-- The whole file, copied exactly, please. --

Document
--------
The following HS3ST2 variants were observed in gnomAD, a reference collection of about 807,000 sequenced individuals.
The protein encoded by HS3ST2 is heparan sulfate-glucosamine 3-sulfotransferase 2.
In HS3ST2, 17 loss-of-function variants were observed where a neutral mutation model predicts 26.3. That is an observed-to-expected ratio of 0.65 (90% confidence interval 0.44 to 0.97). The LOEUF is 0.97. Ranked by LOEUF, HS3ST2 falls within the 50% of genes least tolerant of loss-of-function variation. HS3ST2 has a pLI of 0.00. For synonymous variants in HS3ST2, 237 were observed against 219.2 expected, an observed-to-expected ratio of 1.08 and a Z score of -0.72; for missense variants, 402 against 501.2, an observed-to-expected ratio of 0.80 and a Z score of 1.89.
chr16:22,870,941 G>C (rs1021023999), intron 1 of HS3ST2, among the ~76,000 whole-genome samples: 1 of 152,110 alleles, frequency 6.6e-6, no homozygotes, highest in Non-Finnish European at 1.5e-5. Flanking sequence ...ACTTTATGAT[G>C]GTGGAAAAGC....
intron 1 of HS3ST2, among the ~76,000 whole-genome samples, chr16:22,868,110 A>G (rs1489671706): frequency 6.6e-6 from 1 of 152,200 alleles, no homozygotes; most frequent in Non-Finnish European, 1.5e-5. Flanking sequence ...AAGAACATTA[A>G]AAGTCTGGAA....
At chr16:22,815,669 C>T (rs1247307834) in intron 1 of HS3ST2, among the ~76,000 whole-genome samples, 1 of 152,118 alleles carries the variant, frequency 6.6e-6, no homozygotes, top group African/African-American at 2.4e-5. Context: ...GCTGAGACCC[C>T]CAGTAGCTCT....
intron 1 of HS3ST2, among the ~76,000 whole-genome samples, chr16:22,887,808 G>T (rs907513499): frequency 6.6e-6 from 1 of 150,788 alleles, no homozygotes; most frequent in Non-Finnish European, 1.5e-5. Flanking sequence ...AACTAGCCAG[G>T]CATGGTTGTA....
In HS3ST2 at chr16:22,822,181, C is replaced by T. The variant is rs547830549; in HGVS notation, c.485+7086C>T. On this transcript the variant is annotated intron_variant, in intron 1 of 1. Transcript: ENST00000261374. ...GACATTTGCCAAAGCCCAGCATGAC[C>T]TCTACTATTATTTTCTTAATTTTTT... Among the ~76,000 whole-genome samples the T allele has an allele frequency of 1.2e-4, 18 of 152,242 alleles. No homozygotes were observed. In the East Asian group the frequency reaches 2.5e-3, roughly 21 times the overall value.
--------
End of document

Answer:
The following HS3ST2 variants were observed in gnomAD, a reference collection of about 807,000 sequenced individuals.
The protein encoded by HS3ST2 is heparan sulfate-glucosamine 3-sulfotransferase 2.
In HS3ST2, 17 loss-of-function variants were observed where a neutral mutation model predicts 26.3. That is an observed-to-expected ratio of 0.65 (90% confidence interval 0.44 to 0.97). The LOEUF is 0.97. Ranked by LOEUF, HS3ST2 falls within the 50% of genes least tolerant of loss-of-function variation. HS3ST2 has a pLI of 0.00. For synonymous variants in HS3ST2, 237 were observed against 219.2 expected, an observed-to-expected ratio of 1.08 and a Z score of -0.72; for missense variants, 402 against 501.2, an observed-to-expected ratio of 0.80 and a Z score of 1.89.
chr16:22,870,941 G>C (rs1021023999), intron 1 of HS3ST2, among the ~76,000 whole-genome samples: 1 of 152,110 alleles, frequency 6.6e-6, no homozygotes, highest in Non-Finnish European at 1.5e-5. Flanking sequence ...ACTTTATGAT[G>C]GTGGAAAAGC....
intron 1 of HS3ST2, among the ~76,000 whole-genome samples, chr16:22,868,110 A>G (rs1489671706): frequency 6.6e-6 from 1 of 152,200 alleles, no homozygotes; most frequent in Non-Finnish European, 1.5e-5. Flanking sequence ...AAGAACATTA[A>G]AAGTCTGGAA....
At chr16:22,815,669 C>T (rs1247307834) in intron 1 of HS3ST2, among the ~76,000 whole-genome samples, 1 of 152,118 alleles carries the variant, frequency 6.6e-6, no homozygotes, top group African/African-American at 2.4e-5. Context: ...GCTGAGACCC[C>T]CAGTAGCTCT....
intron 1 of HS3ST2, among the ~76,000 whole-genome samples, chr16:22,887,808 G>T (rs907513499): frequency 6.6e-6 from 1 of 150,788 alleles, no homozygotes; most frequent in Non-Finnish European, 1.5e-5. Flanking sequence ...AACTAGCCAG[G>T]CATGGTTGTA....
In HS3ST2 at chr16:22,822,181, C is replaced by T. The variant is rs547830549; in HGVS notation, c.485+7086C>T. On this transcript the variant is annotated intron_variant, in intron 1 of 1. Transcript: ENST00000261374. ...GACATTTGCCAAAGCCCAGCATGAC[C>T]TCTACTATTATTTTCTTAATTTTTT... Among the ~76,000 whole-genome samples the T allele has an allele frequency of 1.2e-4, 18 of 152,242 alleles. No homozygotes were observed. In the East Asian group the frequency reaches 2.5e-3, roughly 21 times the overall value.